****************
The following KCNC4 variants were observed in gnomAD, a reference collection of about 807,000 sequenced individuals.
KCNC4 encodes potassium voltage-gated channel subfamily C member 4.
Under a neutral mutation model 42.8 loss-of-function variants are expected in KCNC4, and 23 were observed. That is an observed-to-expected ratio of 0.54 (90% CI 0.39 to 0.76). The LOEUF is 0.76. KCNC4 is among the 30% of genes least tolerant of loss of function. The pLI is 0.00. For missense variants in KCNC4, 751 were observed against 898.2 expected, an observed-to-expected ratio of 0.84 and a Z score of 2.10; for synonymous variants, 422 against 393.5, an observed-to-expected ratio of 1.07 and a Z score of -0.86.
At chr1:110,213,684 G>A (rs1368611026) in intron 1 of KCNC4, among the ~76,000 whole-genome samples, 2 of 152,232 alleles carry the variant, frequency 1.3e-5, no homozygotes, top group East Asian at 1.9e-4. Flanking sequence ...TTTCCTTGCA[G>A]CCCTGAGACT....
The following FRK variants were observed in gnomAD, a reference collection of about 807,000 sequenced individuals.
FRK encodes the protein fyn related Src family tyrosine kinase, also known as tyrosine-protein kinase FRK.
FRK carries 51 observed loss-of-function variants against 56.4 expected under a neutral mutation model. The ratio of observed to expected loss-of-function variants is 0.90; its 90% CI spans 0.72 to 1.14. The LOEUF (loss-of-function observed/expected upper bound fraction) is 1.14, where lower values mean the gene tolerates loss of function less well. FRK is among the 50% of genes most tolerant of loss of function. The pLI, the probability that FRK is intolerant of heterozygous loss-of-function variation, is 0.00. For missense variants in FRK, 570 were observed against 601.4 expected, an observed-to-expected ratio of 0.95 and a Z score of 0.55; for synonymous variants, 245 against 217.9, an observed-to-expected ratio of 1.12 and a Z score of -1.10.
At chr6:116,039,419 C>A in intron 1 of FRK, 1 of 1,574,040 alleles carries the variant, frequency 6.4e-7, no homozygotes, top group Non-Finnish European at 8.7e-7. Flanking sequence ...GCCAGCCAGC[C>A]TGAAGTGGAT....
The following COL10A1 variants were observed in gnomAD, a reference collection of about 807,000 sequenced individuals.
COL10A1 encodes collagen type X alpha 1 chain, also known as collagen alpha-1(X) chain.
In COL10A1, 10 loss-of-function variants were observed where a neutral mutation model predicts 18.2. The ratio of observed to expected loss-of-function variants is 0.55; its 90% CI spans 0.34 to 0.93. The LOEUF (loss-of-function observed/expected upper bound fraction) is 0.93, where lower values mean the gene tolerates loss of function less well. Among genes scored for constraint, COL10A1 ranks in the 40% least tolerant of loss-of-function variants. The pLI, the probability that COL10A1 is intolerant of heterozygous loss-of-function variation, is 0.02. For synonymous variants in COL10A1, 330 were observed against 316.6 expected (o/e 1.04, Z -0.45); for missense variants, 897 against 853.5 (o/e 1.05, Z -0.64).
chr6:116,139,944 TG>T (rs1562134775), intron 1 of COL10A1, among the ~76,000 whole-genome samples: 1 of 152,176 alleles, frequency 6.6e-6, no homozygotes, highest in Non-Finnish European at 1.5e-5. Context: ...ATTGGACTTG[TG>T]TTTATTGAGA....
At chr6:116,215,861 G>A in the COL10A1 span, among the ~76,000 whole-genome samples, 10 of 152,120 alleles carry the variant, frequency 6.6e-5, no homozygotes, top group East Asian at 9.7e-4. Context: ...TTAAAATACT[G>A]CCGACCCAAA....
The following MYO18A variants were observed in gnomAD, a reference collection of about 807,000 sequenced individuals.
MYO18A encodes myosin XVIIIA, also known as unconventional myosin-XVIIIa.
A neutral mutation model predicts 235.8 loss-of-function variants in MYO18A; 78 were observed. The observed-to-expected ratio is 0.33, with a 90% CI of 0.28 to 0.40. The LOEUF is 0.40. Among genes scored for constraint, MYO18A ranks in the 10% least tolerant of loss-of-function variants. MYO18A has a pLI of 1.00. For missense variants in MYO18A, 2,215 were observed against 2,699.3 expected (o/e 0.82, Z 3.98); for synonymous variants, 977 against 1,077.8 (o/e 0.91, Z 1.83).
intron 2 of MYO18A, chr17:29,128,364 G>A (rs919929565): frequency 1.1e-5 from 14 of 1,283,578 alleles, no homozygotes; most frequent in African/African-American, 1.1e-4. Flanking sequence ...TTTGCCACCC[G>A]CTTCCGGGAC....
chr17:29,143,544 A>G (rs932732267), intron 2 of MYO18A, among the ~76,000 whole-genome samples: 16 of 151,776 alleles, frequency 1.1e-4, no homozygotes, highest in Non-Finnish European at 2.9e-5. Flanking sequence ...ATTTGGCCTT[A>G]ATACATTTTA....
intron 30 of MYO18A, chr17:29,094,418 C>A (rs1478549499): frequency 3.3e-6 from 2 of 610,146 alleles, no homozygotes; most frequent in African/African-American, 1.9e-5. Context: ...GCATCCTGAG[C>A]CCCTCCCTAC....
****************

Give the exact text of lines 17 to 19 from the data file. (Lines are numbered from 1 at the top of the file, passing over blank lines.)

intron 2 of MYO18A, chr17:29,128,364 G>A (rs919929565): frequency 1.1e-5 from 14 of 1,283,578 alleles, no homozygotes; most frequent in African/African-American, 1.1e-4. Flanking sequence ...TTTGCCACCC[G>A]CTTCCGGGAC....
chr17:29,143,544 A>G (rs932732267), intron 2 of MYO18A, among the ~76,000 whole-genome samples: 16 of 151,776 alleles, frequency 1.1e-4, no homozygotes, highest in Non-Finnish European at 2.9e-5. Flanking sequence ...ATTTGGCCTT[A>G]ATACATTTTA....
intron 30 of MYO18A, chr17:29,094,418 C>A (rs1478549499): frequency 3.3e-6 from 2 of 610,146 alleles, no homozygotes; most frequent in African/African-American, 1.9e-5. Context: ...GCATCCTGAG[C>A]CCCTCCCTAC....